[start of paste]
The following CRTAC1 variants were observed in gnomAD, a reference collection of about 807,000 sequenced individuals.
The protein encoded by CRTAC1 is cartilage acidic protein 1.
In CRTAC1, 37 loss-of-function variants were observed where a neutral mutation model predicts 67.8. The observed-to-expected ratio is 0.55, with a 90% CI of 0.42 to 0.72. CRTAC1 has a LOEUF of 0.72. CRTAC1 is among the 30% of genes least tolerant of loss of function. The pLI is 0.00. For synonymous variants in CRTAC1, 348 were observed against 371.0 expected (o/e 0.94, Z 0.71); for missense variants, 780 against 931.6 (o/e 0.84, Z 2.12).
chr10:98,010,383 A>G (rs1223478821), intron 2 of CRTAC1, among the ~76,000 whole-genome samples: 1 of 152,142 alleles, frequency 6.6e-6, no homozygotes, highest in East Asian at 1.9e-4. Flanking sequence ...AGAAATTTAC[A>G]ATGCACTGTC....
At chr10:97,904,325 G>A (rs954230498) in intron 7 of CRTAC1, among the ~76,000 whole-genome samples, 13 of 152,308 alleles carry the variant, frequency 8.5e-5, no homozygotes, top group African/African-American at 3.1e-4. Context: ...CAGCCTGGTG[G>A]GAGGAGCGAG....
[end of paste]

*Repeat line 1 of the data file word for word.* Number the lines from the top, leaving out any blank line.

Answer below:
The following CRTAC1 variants were observed in gnomAD, a reference collection of about 807,000 sequenced individuals.